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March 2016

What The Hell Happened To The Hay Market


Directly or indirectly, this question comes up from hay producers of every type of hay, in every bale size, from coast to coast and border to border! If this is a question in the back of your mind or that’s been burning on your brain and keeping you awake at night, you are not alone! Hay producers ask me, "How we can go from the highest hay market three years ago to the lowest we’ve seen in possibly decades?" In this short blog I am going to try to explain what I believe has happen to the hay market.

I sit in a somewhat unique position between grower and buyer bombarded with stories, questions, complaints, and down-right depression at least from the grower’s standpoint! So I am going to get personal and frank. Let’s face it- the hay market is far below its peak of 2012 and it’s going to be that way for a while. Let’s face another fact, the market is depressed from every direction- cattle, corn, wheat, oil and the list goes on and on….should I stop? I said I was going to shoot it straight!

So let’s address the first question to clarify a few things, “WHAT THE
HELL HAPPENED TO THE HAY MARKET?” To understand this, we must first understand some of the things that led up to the highest hay market across the board that probably any of us have or ever will see in our lifetimes. One of the first elements that started the increase in the hay market was whenTexas and some of the southern states began to experience drought in 2010, which ramped up to severity in 2011 causing a desperate need for hay. Consequently, hay started flowing south as fast as it could be loaded on trucks which used up a lot of the reserves. Just as they were hoping for a little relief along comes 2012, one of the most widespread droughts in US history. As we all know this drought severely affected not only the high hay producing states but nearly every state. This of course caused an even higher demand and lower supply- that whole supply and demand thing!

Now along with this another thing was happening; buyers realized it simply was not cost effective to pay the kind of prices that were being demanded for a scarce and often low quality product. So livestock producers and dairies did what any good manager would do- they found other, much cheaper sources of feed and filler to take the place of hay. Some large dairies and feed yards I’ve spoken with have nearly pulled hay completely from their rations, if not completely, they just simply replaced hay with almost any other commodity that they could make work. This in my opinion single-handedly hurt the hay market for possibly years to come! Now of course hay producers are going to happily take the highest prices offered, most of us would do the same, but the problem with this is we have now created in my opinion an even larger issue.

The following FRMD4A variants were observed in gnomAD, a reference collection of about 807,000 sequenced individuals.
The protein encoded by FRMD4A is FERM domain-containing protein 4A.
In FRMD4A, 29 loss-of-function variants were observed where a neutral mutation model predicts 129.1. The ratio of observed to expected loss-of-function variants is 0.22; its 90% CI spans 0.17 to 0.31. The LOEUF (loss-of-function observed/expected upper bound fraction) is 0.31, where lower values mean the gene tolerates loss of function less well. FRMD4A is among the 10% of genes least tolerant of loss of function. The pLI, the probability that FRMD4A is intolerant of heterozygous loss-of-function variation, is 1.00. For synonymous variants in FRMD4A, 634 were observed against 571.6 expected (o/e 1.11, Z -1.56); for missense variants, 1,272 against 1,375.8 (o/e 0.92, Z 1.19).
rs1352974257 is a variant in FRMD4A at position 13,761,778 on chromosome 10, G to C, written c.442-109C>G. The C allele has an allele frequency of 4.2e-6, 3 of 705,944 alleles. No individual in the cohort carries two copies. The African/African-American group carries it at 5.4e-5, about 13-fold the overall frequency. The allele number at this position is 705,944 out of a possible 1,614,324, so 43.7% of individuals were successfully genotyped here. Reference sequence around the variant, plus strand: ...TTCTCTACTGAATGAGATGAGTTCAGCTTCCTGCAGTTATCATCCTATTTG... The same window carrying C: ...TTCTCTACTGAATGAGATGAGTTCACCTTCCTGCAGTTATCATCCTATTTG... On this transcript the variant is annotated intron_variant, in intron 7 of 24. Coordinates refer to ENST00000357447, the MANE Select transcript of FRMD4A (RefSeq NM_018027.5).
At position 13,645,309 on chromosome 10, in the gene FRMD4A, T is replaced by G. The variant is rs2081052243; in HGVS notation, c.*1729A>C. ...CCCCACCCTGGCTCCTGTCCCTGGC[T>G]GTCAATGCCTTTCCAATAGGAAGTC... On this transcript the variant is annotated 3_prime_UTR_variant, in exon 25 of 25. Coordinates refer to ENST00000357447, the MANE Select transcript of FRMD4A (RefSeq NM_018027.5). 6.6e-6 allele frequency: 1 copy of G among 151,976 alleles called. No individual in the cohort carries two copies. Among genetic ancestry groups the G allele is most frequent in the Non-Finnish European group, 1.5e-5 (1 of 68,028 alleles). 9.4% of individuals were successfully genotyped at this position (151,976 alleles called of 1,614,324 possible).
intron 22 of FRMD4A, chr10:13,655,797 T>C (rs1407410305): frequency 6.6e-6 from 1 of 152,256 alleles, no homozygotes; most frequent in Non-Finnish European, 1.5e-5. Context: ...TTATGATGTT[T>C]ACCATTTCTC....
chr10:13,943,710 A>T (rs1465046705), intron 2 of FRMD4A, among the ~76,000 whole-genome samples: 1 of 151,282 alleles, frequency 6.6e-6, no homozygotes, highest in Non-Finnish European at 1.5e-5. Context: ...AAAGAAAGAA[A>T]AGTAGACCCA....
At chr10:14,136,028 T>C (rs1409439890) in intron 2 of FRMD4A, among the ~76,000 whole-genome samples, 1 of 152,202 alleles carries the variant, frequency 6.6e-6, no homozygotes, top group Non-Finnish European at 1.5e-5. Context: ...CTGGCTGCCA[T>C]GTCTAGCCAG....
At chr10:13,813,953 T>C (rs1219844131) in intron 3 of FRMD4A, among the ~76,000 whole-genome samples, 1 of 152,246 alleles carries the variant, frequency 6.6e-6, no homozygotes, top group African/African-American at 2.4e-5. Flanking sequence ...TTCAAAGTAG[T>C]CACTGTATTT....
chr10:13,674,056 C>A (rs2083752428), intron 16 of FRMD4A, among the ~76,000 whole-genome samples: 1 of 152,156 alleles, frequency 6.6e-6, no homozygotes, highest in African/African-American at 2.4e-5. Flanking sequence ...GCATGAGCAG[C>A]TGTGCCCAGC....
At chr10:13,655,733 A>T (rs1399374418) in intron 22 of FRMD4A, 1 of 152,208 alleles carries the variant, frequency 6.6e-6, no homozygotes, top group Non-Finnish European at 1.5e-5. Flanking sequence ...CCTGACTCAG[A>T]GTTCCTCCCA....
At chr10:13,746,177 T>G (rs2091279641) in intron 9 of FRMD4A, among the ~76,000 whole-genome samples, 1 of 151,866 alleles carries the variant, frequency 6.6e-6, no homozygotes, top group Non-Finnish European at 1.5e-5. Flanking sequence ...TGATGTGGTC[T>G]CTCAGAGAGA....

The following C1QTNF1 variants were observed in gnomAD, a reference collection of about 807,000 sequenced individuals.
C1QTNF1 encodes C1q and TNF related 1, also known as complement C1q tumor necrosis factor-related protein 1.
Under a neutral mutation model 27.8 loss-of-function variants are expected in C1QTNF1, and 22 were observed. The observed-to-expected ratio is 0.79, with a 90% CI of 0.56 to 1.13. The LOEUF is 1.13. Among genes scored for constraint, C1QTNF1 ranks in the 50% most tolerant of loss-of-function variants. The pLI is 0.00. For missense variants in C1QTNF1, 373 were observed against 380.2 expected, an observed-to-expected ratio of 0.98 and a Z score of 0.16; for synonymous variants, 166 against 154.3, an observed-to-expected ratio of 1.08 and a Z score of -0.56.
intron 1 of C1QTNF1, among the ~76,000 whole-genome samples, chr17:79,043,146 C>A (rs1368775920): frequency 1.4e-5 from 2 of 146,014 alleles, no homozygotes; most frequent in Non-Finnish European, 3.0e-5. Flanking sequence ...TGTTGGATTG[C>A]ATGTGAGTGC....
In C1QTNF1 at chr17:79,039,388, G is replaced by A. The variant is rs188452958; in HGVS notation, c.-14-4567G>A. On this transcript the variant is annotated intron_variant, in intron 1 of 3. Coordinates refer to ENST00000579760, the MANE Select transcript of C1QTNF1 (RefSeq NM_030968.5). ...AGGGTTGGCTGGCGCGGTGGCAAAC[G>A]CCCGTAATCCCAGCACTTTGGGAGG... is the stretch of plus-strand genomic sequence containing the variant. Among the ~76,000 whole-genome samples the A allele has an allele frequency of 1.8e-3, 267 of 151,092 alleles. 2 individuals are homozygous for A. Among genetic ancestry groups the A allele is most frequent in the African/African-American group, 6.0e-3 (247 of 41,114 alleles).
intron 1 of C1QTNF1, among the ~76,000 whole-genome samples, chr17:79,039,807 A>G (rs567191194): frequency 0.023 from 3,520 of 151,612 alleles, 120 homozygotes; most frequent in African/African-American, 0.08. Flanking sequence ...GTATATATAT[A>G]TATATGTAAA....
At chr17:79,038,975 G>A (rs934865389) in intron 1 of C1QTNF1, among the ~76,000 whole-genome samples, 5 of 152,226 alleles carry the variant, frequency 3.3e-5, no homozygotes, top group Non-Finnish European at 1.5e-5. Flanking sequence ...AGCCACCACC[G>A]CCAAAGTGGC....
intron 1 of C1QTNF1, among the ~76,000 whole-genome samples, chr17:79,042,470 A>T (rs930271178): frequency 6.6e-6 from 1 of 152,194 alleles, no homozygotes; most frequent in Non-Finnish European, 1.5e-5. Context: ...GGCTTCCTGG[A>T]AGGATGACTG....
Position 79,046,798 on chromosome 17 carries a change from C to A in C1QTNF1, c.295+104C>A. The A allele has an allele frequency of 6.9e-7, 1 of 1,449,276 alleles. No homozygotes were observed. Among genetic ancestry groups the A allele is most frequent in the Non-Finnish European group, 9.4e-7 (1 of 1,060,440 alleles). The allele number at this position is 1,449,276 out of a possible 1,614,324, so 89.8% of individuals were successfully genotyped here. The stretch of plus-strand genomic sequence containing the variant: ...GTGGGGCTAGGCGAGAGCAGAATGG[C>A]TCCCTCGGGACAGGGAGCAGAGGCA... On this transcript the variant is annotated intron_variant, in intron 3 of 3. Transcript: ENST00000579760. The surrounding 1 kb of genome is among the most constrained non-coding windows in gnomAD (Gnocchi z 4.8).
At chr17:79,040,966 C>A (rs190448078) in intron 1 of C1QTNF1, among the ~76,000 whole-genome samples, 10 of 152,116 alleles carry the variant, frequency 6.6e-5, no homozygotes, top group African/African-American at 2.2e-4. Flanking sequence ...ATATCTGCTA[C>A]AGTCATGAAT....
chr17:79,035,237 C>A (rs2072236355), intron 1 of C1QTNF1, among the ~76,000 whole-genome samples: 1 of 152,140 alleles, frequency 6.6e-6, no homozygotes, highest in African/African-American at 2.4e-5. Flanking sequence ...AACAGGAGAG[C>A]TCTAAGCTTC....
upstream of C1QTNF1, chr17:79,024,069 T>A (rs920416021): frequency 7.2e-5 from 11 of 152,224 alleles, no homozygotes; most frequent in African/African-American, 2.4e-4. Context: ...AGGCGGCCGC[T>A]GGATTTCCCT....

Next comes a few years of abundant moisture resulting in huge hay crops all across the nation. We now have much lower demand, including a significantly decreased demand in the export market… but that is another subject altogether. As we now know it’s just going to take some time to clear up this problem. Some of the largest consumers of hay, such as big dairies and feed yards who previously bought up huge volumes have not just cut their hay use by half but in some instances much more! This is a problem for growers. So what can we do? All hope is not lost- I have a saying for whatever it is worth- Good hay sells! Put up the best quality product you can, whether it’s rounds or squares. For squares build a shed or at least for heaven’s sake- buy good quality tarps and cover your hay! Take care of it, you don’t grow grains and let them sit outside to rot, don’t do it with your hay!

Last of all a crucial part of your operation that a lot of growers miss is marketing. It is highly beneficial to hire a reputable marketing company to find markets that you may never be able to reach or have the time to search out. This will expose your hay to buyers in every market at all times which will greatly boost your potential and profits. It may cost a small amount, but in the long run it will be money well spent. Minimize costs, produce quality, protect that quality, and hire a reputable marketing company that gets you results for your hard work and commitment.

Tom Baer, Owner and Auctioneer